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    FLASHBACK TO 2015: Release of “Beyond the Guidebook 2015” drew attention to what Watershed Health issue means in practice and provincial game-changers that enable local government action in British Columbia


    In British Columbia, three landmark provincial initiatives came to fruition in 2014. All embody the enabling philosophy. “Looking into the future, collaboratively developed Water Sustainability Plans can integrate water and land use planning and can be combined with other local, regional or provincial planning processes to address water-related issues. “The scale and scope of each plan – and the process used to develop it – would be unique, and would reflect the needs and interests of the watersheds affected,” states Jennifer Vigano.

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    Watershed Case Profile Series: “Water Balance Approach on Vancouver Island” (released January 2018)


    The storyline is built around three regional Water Balance Methodology demonstration applications. “To be useful…the simulation model must be physically based and deterministic, and it must be designed to simulate the entire hydrological cycle…hence it must be a water balance model,” wrote Ray Linsley (1917-1990). He pioneered development of continuous hydrologic simulation as the foundation for water balance modelling. The Water Balance Methodology is a synthesis of watershed hydrology and stream dynamics.

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    YEAR IN REVIEW: “In 2017. the Partnership for Water Sustainability greatly enhanced the capabilities of the Water Balance family of tools to make real the vision for the ‘BC Framework’ for sustainable service delivery,” stated Ted van der Gulik, President, when reflecting on program accomplishments


    No longer is asset management only about hard engineered assets – watermains, sewers, roads. Watershed systems are also “infrastructure assets”. Asset Management for Sustainable Service Delivery: A BC Framework sets a strategic direction that would refocus business processes on outcomes that reduce life-cycle costs and risks. “Financial support from three levels of government makes it possible for the Partnership for Water Sustainability to develop tools, resources and programs,” stated Ted van der Gulik.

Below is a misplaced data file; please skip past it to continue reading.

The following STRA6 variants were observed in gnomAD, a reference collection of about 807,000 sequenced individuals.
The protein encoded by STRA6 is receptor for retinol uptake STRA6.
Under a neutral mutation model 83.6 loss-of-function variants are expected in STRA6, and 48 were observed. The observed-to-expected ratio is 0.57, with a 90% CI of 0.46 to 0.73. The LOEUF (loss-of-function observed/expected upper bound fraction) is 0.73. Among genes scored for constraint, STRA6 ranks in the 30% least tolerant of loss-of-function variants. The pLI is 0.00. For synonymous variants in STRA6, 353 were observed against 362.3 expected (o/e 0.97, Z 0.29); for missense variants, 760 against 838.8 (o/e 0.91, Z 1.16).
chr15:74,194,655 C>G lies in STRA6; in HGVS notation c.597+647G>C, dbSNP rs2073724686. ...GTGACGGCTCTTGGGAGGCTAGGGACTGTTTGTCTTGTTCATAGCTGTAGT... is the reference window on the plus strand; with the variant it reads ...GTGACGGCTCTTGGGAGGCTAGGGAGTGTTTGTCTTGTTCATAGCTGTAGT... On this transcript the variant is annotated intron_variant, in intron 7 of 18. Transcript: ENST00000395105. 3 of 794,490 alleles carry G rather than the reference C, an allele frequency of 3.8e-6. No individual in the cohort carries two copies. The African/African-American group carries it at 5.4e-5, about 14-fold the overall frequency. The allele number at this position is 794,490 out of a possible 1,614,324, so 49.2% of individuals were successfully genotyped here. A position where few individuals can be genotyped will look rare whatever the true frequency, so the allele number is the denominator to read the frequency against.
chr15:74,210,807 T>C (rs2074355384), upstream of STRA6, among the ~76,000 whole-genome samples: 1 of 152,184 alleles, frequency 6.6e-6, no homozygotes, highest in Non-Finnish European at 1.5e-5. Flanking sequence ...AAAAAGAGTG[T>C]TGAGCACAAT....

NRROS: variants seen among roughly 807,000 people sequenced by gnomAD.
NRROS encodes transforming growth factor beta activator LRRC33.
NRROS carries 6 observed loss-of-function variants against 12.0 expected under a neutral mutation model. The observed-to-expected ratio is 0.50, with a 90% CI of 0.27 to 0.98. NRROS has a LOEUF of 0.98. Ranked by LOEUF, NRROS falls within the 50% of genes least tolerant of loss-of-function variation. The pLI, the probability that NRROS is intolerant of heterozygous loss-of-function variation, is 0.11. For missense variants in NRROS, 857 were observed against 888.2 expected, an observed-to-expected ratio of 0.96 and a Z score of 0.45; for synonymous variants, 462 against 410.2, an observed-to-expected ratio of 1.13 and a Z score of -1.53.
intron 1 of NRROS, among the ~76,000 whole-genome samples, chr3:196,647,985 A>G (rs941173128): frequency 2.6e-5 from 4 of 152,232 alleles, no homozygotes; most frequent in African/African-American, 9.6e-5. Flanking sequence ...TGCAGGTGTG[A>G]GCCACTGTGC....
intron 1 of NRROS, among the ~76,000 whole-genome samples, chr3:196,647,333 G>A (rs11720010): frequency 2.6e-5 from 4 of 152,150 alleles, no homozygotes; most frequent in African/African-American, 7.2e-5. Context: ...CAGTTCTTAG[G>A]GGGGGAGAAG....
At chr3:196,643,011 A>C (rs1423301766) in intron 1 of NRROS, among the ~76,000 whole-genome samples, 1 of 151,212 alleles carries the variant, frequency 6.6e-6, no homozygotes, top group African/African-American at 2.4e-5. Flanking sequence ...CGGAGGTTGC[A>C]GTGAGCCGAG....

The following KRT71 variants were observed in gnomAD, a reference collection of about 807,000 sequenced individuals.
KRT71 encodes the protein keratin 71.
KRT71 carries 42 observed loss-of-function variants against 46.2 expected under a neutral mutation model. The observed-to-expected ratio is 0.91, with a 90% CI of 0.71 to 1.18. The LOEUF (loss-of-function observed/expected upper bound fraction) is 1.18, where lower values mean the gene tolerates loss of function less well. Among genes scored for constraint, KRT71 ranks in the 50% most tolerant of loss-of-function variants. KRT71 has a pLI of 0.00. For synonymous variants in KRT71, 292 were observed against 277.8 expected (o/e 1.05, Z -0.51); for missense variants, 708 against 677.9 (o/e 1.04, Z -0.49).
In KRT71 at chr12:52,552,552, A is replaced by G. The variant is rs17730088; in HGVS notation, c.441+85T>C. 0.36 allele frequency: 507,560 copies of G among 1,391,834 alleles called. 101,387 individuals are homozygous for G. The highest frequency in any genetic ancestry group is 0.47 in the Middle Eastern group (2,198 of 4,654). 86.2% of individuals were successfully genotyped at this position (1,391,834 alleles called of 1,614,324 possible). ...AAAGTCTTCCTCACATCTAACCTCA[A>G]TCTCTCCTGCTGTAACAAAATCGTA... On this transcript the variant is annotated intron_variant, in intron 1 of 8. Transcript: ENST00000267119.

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    Voodoo Hydrology Annual Webinar Series (December 2017): Andy Reese explains the pitfalls of urban hydrology methods


    Andy Reese coined the term Voodoo Hydrology in 2006. “As a stormwater community, we have for years relied upon common urban stormwater hydrologic design methodologies and trusted their results. But, should we? We must understand that urban hydrology, including newer Green Infrastructure sizing approaches, as commonly practiced, is an inexact science where we are simply trying to get close to the right answer,” states Andy Reese.

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    IMPLEMENTATION OF WHOLE-SYSTEM, WATER BALANCE APPROACH: “The challenge is to move from stop-gap remediation of in-stream problems to long-term restoration of a properly functioning watershed,” stated Peter Law, Vice-President of the Mid Vancouver Habitat Enhancement Society


    “By sharing the story of Shelly Creek, we want readers to recognize that erosion is a common issue impacting salmon and trout habitats in small streams, draining into the Salish Sea,” states Peter Law. “Existing standards of practice have resulted in negative impacts. Continuing to use those standards will result in further environmental degradation of the watershed and loss of stream productivity. Building support for action starts with community engagement.”